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Wilson's article provided the first evidence that the reasons given for the war were stoked by false information. But the attack on Wilson by focusing on his wife is superficially perplexing. Even if the allegation were true that she "authorized" his mission, as Rove told Cooper, it would have no bearing whatsoever on the Niger forgeries, or any indictment. But Rove's is a psychological operation intended to foster the perception that the messenger is somehow untrustworthy and that therefore his message is too. The aim is to distract and discredit. By creating an original taint on Wilson's motives, an elaborate negative image has been constructed.

The Wall Street Journal editorial of July 13 best reflected the through-the-looking-glass Rovian defense and projection: "For Mr. Rove is turning out to be the real "whistleblower" in this whole sorry pseudo-scandal ... In short, Mr. Rove provided important background so Americans could understand that Mr. Wilson wasn't a whistleblower but was a partisan trying to discredit the Iraq War in an election campaign."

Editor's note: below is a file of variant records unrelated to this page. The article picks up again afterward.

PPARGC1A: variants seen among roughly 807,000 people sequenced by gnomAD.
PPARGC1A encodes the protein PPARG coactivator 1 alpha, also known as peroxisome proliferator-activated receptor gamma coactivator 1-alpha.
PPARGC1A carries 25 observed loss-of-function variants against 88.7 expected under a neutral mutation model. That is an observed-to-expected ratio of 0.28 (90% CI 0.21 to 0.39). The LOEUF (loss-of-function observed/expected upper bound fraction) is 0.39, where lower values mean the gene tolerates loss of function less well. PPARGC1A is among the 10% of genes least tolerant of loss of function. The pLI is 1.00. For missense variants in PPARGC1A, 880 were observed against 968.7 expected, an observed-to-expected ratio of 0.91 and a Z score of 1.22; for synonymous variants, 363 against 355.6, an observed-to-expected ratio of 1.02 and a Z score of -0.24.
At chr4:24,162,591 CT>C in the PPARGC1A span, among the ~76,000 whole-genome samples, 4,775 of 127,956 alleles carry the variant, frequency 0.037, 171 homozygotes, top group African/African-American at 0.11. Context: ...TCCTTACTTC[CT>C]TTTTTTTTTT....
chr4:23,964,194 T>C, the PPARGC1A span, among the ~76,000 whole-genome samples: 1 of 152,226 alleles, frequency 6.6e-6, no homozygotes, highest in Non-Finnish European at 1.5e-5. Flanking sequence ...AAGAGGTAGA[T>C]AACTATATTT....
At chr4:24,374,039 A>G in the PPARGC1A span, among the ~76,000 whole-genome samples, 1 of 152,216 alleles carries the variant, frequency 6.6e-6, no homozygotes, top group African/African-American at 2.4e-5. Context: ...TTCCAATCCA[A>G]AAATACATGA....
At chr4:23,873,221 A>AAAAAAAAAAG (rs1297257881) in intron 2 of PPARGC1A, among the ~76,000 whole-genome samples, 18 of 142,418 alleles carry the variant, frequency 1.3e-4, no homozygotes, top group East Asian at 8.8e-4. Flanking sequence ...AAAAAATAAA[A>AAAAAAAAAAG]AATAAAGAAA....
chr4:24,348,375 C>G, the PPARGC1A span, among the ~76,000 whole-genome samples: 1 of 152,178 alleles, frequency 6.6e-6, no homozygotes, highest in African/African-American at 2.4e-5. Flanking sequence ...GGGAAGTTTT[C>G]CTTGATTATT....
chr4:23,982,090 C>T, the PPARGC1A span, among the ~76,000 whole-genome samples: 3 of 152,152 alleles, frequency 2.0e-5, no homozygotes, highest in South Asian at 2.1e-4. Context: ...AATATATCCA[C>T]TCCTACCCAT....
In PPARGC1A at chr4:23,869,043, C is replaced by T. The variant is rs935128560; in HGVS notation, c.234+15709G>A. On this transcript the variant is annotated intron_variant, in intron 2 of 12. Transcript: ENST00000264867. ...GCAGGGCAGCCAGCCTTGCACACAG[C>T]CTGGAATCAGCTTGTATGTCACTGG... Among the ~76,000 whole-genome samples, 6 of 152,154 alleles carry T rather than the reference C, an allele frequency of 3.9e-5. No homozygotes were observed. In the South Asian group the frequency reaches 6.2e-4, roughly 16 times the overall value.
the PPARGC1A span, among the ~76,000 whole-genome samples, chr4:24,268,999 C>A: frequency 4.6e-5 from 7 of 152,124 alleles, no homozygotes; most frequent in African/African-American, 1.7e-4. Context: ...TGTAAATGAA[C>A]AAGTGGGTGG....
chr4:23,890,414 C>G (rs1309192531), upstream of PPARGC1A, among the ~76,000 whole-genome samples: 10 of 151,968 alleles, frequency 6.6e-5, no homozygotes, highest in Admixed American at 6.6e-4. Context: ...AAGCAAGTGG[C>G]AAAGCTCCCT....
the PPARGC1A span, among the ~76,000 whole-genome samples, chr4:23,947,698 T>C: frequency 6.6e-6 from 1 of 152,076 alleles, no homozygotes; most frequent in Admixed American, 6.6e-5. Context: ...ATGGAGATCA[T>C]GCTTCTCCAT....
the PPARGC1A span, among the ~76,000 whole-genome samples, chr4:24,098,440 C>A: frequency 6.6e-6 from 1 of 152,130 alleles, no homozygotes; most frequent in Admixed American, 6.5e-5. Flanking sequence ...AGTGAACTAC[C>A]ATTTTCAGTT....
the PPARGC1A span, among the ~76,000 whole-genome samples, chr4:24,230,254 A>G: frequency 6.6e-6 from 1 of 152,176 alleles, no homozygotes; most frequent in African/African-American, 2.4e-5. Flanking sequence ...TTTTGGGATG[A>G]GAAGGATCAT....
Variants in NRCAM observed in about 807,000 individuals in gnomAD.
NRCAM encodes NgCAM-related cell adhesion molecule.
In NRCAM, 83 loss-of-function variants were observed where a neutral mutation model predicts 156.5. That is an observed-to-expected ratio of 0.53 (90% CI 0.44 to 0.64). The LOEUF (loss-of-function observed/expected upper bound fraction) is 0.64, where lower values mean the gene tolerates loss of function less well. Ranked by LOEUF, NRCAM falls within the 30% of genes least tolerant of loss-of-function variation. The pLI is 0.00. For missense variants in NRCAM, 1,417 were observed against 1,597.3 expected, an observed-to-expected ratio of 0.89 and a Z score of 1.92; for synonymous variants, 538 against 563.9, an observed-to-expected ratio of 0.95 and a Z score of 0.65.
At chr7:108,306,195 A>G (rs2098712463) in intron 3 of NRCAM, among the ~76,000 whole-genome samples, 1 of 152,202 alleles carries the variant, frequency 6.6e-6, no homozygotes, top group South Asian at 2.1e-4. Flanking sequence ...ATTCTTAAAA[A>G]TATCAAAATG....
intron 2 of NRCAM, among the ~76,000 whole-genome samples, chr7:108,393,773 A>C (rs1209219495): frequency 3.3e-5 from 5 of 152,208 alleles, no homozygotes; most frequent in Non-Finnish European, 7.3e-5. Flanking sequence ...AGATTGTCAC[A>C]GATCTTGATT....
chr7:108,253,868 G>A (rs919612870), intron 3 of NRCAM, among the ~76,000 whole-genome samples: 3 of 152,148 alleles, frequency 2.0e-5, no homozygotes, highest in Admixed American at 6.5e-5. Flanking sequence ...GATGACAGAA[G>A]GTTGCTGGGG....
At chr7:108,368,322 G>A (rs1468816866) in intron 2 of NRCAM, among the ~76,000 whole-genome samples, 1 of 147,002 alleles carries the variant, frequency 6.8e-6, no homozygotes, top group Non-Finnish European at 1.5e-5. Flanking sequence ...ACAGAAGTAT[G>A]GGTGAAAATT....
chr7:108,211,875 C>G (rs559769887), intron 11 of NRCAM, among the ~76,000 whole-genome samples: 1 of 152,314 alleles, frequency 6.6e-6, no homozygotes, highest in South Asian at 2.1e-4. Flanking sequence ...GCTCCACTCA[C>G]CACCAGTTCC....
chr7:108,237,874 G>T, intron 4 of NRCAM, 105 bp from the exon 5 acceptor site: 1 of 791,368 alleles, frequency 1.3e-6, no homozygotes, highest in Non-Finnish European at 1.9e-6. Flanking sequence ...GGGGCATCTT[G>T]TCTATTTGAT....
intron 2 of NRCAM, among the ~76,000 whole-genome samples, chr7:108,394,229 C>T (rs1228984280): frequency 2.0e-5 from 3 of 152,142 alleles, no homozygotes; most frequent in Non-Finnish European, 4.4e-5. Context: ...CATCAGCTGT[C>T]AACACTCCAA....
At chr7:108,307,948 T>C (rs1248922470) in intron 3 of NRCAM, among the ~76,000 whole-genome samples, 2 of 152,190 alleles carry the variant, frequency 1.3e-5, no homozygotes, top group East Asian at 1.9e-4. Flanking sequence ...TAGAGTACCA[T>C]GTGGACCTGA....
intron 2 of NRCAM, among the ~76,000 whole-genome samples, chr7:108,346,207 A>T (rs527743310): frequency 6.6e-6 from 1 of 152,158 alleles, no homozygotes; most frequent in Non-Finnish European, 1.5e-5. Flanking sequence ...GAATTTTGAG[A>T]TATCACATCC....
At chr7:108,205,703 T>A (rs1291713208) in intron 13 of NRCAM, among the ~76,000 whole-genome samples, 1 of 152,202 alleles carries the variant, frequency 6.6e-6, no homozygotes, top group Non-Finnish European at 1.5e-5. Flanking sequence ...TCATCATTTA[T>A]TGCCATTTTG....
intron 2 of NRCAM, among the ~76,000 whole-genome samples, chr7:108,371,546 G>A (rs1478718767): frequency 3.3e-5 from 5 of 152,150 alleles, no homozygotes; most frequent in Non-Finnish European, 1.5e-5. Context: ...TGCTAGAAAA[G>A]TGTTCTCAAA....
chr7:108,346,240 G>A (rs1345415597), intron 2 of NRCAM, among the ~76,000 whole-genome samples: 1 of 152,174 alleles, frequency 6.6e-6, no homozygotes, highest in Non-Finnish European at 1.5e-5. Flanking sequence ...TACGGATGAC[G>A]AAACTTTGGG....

In order to untangle this deceptive web, it's essential to return to the beginning of the long disinformation campaign triggered by the publication of Wilson's Op-Ed. The facts clarify not only the mendacity of the smears but also the seeming quandary of the reporters who have become collateral damage.

What a douchebag, that Karl Rove.

August 2013



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